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The changing face of the IT customer

Who do you think you are?

I’m fortunate enough to spend the majority of my time speaking to customers, partners and industry peers to learn about your challenges, priorities, and more often than not how you are changing. The major IT trends of today like open source, ITaaS, Cloud, Big Data, mobility and security are forcing you to reevaluate what you need to achieve, who you need to work with to achieve it (both internally and externally) and what—if anything—you can afford to sacrifice in the name of innovation and business transformation. With such a dynamic and changeable landscape, I thought I’d take a moment to consider where we stand today as IT professionals and where we might be tomorrow.

 

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Prudence versus progress

We’re all familiar with the battle between keeping the lights on in the most efficient way possible and the need to innovate to remain competitive and stay current with customers. From the conversations I’ve had though, I’m starting to think that the two are not so incompatible after all; in many ways frugality drives innovation, and forces IT leaders to consider different ways of doing things. It wasn’t so long ago that many doubted whether Cloud would ever become a mainstream technology due to fears about security and reliability. These doubts have been completely outweighed by the cost and flexibility benefits, and even the so-called laggards are embracing ITaaS as the way forward. The pressure on IT organisations to step up to the plate and come up with new solutions to old problems is only going to increase, but I am confident that this will increase the rate of advancement within our customers rather than slow it down.

 

Who controls the purse strings now?

With the IT organisation more closely aligned with strategic business initiatives than ever before, the number of stakeholders involved in investment decisions has also risen. With rising recognition that the IT department is more than a mere cost centre, and can facilitate or even lead new ways of engaging with customers and partners, the inevitable consequence is that a greater number of functions have a stake in IT decision-making – from operations, to sales and marketing and even HR and administration. While the IT professional now needs a more rounded view of the business in order to prove his or her value, so representatives from other lines of business are becoming more savvy – and therefore more demanding – consumers of IT themselves. Estimates vary as to the proportion of tech budgets that are directly controlled by the IT organisation, but from what I have seen, it will soon dip below 50%, if it hasn’t already.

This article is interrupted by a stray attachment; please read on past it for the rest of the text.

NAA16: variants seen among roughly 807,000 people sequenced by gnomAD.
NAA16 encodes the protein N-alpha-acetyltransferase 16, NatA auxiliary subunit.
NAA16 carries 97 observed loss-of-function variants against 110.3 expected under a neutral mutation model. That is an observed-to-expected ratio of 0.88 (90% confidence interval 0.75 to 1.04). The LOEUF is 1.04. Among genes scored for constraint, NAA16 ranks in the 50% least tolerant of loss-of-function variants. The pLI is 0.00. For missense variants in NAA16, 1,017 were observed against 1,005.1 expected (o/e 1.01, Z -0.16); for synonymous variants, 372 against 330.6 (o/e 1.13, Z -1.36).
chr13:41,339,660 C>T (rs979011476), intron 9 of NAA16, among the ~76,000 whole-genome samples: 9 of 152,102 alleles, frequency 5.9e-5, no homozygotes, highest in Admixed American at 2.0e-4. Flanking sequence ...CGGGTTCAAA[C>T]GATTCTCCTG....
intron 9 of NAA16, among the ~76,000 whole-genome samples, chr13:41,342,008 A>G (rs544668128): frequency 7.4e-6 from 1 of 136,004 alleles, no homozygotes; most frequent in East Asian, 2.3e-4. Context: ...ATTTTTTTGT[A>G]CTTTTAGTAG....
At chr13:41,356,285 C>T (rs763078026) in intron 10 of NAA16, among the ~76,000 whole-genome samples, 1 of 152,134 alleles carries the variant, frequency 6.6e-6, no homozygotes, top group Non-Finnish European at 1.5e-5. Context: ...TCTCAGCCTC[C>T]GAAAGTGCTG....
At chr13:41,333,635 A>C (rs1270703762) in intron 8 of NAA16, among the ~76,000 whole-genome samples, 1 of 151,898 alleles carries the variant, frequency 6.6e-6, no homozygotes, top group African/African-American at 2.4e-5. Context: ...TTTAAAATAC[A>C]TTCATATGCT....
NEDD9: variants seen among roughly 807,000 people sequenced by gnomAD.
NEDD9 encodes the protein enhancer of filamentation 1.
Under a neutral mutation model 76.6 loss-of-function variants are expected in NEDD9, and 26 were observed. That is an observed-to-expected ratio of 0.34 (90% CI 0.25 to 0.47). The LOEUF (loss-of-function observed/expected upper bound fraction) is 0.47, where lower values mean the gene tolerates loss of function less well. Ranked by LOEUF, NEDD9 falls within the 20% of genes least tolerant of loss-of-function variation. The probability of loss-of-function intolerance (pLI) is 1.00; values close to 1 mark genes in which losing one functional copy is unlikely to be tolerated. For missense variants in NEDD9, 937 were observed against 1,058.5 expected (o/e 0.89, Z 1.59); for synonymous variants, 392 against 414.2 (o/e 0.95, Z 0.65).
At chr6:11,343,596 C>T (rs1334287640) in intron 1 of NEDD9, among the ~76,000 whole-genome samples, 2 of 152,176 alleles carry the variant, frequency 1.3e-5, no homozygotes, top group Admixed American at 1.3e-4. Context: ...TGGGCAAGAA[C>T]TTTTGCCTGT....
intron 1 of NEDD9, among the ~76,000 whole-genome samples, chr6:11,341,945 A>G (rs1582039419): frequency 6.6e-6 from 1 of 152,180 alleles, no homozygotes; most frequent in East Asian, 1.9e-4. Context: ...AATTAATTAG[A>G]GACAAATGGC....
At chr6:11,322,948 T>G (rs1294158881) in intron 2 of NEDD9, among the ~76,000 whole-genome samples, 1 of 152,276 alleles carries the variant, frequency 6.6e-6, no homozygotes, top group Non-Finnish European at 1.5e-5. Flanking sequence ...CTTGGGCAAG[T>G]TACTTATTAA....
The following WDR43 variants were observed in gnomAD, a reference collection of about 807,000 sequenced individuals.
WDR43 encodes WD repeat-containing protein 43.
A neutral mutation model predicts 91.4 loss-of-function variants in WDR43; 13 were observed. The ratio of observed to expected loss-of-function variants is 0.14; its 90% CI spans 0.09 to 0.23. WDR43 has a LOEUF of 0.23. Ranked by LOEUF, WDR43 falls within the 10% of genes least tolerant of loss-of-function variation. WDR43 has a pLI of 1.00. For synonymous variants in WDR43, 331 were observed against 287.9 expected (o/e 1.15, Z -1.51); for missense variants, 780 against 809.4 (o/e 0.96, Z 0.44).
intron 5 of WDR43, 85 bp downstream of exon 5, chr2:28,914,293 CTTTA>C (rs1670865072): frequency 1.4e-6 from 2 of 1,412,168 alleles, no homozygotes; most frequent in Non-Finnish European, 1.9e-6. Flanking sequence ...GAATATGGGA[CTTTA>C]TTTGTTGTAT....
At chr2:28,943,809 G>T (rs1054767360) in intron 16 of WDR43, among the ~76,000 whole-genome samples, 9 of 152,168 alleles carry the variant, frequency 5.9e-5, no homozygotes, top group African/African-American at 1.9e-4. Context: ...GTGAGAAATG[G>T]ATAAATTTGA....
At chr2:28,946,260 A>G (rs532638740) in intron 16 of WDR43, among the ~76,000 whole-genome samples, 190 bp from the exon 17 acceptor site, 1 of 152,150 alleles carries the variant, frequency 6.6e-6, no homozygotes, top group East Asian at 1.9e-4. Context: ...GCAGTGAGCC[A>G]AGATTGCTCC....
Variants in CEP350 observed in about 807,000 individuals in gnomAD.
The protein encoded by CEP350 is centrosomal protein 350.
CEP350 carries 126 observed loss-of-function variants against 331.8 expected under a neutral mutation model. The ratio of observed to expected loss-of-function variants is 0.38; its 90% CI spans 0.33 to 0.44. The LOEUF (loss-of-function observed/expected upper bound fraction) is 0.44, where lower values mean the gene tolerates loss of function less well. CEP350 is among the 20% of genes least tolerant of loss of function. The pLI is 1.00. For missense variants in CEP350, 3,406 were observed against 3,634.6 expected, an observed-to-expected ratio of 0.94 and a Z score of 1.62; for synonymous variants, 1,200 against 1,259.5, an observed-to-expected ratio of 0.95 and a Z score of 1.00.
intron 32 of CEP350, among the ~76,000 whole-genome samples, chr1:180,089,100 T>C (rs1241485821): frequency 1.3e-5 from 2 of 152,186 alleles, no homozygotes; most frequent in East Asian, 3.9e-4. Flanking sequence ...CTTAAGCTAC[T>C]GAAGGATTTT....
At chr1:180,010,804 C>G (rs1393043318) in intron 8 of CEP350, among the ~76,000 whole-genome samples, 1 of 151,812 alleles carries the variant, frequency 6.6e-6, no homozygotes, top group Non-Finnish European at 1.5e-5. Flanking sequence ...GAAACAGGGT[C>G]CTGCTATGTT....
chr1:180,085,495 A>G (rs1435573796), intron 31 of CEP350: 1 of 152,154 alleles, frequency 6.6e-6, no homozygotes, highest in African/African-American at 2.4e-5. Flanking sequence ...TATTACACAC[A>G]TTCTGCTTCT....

IT is dead, long live IT

So what does all this mean for those of us who live and breathe storage every day? As an increasingly integral part of every organisations IT strategy and operations, it means that those of us want to thrive in the new world alongside our customers need to take heed of the environment they are operating in and anticipate their future challenges. Put simply, we need to demonstrate to our customers—both within the IT organisation and outside of it—how we can:

 

  • Help them to make business critical decisions

  • Enable new go-to-market strategies

  • Lead their peers as a proactive and disruptive force

 

I believe that with HP’s open, collaborative and forward-looking storage portfolio we are well positioned to do this. The question is: who else will be able to prosper in such a changeable world?

 

You can find me on Twitter @ChrisJohnsonHP if you wish to comment...

 

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